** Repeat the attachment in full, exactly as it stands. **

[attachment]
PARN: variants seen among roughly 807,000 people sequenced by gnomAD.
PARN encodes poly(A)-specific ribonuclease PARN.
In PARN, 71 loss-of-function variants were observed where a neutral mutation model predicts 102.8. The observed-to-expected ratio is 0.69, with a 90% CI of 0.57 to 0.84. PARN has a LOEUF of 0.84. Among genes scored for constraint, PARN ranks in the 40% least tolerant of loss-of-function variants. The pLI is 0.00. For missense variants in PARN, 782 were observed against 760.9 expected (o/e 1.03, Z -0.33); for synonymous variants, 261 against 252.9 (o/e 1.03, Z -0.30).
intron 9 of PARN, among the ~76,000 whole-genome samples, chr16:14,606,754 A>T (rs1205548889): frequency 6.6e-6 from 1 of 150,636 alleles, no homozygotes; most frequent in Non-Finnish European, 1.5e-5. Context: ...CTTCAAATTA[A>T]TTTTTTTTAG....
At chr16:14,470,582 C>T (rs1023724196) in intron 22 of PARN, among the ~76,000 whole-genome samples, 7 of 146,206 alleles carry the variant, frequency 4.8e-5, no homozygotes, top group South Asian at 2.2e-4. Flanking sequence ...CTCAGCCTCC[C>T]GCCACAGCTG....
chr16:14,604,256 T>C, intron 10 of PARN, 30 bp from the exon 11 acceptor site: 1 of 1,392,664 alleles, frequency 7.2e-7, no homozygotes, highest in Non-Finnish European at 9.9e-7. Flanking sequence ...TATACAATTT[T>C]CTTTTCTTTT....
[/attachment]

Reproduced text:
PARN: variants seen among roughly 807,000 people sequenced by gnomAD.
PARN encodes poly(A)-specific ribonuclease PARN.
In PARN, 71 loss-of-function variants were observed where a neutral mutation model predicts 102.8. The observed-to-expected ratio is 0.69, with a 90% CI of 0.57 to 0.84. PARN has a LOEUF of 0.84. Among genes scored for constraint, PARN ranks in the 40% least tolerant of loss-of-function variants. The pLI is 0.00. For missense variants in PARN, 782 were observed against 760.9 expected (o/e 1.03, Z -0.33); for synonymous variants, 261 against 252.9 (o/e 1.03, Z -0.30).
intron 9 of PARN, among the ~76,000 whole-genome samples, chr16:14,606,754 A>T (rs1205548889): frequency 6.6e-6 from 1 of 150,636 alleles, no homozygotes; most frequent in Non-Finnish European, 1.5e-5. Context: ...CTTCAAATTA[A>T]TTTTTTTTAG....
At chr16:14,470,582 C>T (rs1023724196) in intron 22 of PARN, among the ~76,000 whole-genome samples, 7 of 146,206 alleles carry the variant, frequency 4.8e-5, no homozygotes, top group South Asian at 2.2e-4. Flanking sequence ...CTCAGCCTCC[C>T]GCCACAGCTG....
chr16:14,604,256 T>C, intron 10 of PARN, 30 bp from the exon 11 acceptor site: 1 of 1,392,664 alleles, frequency 7.2e-7, no homozygotes, highest in Non-Finnish European at 9.9e-7. Flanking sequence ...TATACAATTT[T>C]CTTTTCTTTT....